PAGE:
The Nintendo World Championships 1990 Game Pak is considered to be the most valuable NES cartridge ever released, and one of the rarest. Collectors have paid six-digit prices for a single copy.[14][15][16][17][18][19][20][21][22]


Narcissa Wright played Super Mario Maker, during the final of Nintendo World Championships 2015.

On May 13, 2015, Nintendo announced the return of Nintendo World Championships for the 25th anniversary of the original event, as part of the company's E3 2015 coverage.[23] Qualifying competitions began on May 30, 2015, in eight Best Buy locations across the United States.[24] At each location, contestants competed for the high score in a custom mode of Ultimate NES Remix.[25][26][27][28] The winners from each of these eight locations, plus eight players invited by Nintendo (six speedrunners and two celebrity contestants), became the contestants for the live event.[29] Among the auditioning qualifiers, former finalist Patrick Scott Patterson was narrowly beaten by Jordan DeMarco. No original competitors from the 1990 event thus qualified for this event.[27]

The competition used an elimination tournament format with a repechage bracket named the Underground, with a wide history of Nintendo's game library. The live video of the final event was streamed online from Los Angeles on June 14, 2015; commentators included Audrey Drake of Nintendo Treehouse and competitive Pokémon VGC commentator Justin Flynn.[30] An edited exclusive one hour television special aired on Disney XD later on in the year, featuring retrospective interviews with many contestants and a shortened overview of the competition.[31][32] Notable competitors who failed to make it to the finale included Trihex, Arin Hanson, and The Mexican Runner.

The last contest consisted of custom levels within the then unreleased Super Mario Maker on Wii U, played by the two finalists: professional Smash Bros. player John Numbers, the qualifying player from New York City; and professional speedrunner Narcissa Wright. In the first two levels, the players were alternately blindfolded while the other played. The player who completed the levels the fastest would receive a 5-second advantage in the final level. In the final level, they raced simultaneously to the end, where Numbers won the championship title. Gamesradar said Numbers demonstrated "impulsive mastery" of the Super Mario Maker levels which were "hellish", "sadistic", "evil", and "truly weird".[33] Shigeru Miyamoto made a surprise appearance to present a trophy to the winner, and an autographed New Nintendo 3DS XL system to each of the two finalists.[34][35]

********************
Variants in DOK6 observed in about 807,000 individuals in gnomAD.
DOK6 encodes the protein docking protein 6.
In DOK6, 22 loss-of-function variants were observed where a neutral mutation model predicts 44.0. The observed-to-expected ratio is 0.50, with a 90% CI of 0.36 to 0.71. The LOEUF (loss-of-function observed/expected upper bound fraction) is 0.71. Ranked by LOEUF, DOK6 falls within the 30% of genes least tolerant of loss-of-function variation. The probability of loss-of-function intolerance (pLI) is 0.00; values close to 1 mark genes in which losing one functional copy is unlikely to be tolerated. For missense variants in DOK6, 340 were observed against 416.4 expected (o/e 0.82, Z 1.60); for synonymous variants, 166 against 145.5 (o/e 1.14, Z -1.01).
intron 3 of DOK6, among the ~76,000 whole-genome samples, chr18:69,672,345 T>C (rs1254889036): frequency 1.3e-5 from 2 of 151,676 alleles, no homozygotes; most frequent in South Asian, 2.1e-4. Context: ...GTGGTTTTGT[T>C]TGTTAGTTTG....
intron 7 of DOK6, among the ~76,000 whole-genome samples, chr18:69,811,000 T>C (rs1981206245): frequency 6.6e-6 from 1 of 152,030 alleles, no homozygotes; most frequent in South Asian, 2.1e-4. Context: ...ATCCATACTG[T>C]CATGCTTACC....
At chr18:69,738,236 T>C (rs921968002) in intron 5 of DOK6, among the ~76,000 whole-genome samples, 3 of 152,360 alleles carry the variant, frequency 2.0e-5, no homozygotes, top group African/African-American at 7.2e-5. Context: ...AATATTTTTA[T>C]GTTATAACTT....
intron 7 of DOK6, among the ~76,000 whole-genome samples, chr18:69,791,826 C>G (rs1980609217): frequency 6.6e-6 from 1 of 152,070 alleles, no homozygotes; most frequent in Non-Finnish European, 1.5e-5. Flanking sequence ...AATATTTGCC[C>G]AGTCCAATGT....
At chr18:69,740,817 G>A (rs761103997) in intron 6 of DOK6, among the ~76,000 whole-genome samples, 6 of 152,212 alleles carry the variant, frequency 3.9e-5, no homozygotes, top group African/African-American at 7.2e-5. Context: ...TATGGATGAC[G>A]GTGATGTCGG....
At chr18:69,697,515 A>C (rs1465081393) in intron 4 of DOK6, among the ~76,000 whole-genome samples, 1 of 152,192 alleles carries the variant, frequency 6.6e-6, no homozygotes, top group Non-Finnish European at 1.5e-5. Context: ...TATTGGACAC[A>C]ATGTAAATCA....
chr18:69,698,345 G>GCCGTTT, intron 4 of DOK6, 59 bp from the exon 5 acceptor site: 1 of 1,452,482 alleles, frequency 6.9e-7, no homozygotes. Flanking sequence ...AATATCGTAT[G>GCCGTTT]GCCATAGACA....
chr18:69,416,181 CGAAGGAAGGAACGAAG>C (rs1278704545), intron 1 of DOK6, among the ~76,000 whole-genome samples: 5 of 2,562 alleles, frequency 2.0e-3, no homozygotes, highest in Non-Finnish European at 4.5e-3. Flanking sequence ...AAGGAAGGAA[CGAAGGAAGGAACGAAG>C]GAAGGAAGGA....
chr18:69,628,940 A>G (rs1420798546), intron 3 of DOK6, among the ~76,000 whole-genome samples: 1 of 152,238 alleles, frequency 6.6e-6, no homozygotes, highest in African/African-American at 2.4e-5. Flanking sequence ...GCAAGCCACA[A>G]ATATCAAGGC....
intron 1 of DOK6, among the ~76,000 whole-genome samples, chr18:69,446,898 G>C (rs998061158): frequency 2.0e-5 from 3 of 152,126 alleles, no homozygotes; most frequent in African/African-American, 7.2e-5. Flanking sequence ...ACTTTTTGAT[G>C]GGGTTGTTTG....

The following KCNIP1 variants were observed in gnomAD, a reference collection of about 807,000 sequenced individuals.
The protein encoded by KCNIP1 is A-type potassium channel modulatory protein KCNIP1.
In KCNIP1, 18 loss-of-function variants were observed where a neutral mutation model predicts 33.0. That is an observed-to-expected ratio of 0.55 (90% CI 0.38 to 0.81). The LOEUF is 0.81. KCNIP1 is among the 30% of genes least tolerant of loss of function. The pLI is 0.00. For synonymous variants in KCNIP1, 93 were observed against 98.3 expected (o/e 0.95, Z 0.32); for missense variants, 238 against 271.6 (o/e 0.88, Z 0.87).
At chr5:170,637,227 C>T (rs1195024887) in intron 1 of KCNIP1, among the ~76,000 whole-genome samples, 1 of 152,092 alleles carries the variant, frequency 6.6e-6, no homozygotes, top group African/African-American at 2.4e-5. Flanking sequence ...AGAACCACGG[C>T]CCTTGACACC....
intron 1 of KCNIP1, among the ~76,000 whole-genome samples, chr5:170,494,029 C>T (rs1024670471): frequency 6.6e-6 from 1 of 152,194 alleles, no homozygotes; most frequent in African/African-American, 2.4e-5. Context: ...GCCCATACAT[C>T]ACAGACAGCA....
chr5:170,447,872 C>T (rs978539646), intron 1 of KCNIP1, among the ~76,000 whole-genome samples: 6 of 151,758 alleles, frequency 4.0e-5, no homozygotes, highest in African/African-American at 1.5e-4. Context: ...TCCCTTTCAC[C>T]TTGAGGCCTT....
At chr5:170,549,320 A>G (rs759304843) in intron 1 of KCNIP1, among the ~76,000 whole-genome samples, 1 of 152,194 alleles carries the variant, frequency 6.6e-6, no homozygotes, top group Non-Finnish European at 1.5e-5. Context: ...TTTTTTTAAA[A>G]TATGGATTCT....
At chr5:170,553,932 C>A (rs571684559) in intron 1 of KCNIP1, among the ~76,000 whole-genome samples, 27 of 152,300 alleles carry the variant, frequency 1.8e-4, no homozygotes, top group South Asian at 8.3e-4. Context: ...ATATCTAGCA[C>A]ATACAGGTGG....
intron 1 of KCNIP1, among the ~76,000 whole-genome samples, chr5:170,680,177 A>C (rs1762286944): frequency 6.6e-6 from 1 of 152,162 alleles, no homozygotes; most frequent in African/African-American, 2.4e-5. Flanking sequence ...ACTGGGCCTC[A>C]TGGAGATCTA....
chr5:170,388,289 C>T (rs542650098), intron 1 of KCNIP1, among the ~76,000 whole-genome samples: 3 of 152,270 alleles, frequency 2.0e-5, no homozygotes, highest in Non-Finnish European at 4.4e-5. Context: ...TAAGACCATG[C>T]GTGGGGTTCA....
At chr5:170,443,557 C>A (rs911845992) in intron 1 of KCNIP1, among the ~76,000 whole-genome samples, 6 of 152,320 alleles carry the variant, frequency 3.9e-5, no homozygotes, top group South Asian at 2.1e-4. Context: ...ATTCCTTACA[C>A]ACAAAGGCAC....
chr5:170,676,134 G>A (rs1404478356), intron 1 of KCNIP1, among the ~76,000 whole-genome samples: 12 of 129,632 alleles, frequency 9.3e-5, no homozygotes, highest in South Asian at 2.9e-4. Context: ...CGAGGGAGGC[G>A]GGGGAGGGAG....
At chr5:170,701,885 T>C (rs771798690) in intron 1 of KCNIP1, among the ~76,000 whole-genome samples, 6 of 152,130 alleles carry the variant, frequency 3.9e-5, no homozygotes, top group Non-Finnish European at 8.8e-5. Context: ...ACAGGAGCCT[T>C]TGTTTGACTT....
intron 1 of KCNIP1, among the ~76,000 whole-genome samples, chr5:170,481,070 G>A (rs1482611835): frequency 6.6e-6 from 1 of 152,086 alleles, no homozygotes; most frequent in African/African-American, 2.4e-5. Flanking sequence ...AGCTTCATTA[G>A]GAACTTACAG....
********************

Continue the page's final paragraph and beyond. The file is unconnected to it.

On August 8, 2017, Nintendo of America announced the return of the Nintendo World Championships. Qualifying rounds took place from August 19, 2017, through September 10, 2017, at selected Best Buy locations across eight cities in the United States. John Numbers, the returning champion of 2015, was one of the 13-and-older qualifiers.[36] Eight invited competitors were slated in advance to compete against the sixteen qualifiers, including Bayley and Asa Butterfield.

The main event was held at the Manhattan Center's Grand Ballroom on October 7, 2017, and was streamed via YouTube and Twitch, and simulcast on Disney XD's "D|XP" block. As in 2015, it used an elimination tournament format including the returning Underground repechage bracket, showcasing select gameplay modes and levels from recent and retro games.

The overall winner was Thomas Gonda (Thomas G.), who defeated the 2015 champion John Numbers.[37]


In 2015, Gamesradar said the Super Mario Maker levels were "hellish", "sadistic", "evil", and "truly weird", summarizing: "The Super Mario Maker climax ended Nintendo's championships on a pitch-perfect retro note."[33] Contestant Joshua Ovenshire of Smosh Games said that the Nintendo World Championships should be "a staple at every E3 ... I was a part of Nintendo history. That's where the magic is at."[38]

In 2017, the Underground was noted to be generally more forgiving than 2015, as multiple contestants had the opportunity to advance.[citation needed]

See also[edit]


  1. ^ "The Nintendo World Championships are returning this October". Nintendo. August 8, 2017. Archived from the original on February 5, 2018. Retrieved August 8, 2017.
  2. ^ "The Nintendo Challenge Championship!" (PDF). Nintendo Power Flash. No. 5. Canada. 1989. p. 15.
  3. ^ "The Story of the First Nintendo World Championships - IGN". IGN. May 13, 2015. Retrieved November 9, 2015.
  4. ^ "The Nintendo World Championships '90". AtariHQ. 1997. Retrieved March 8, 2016.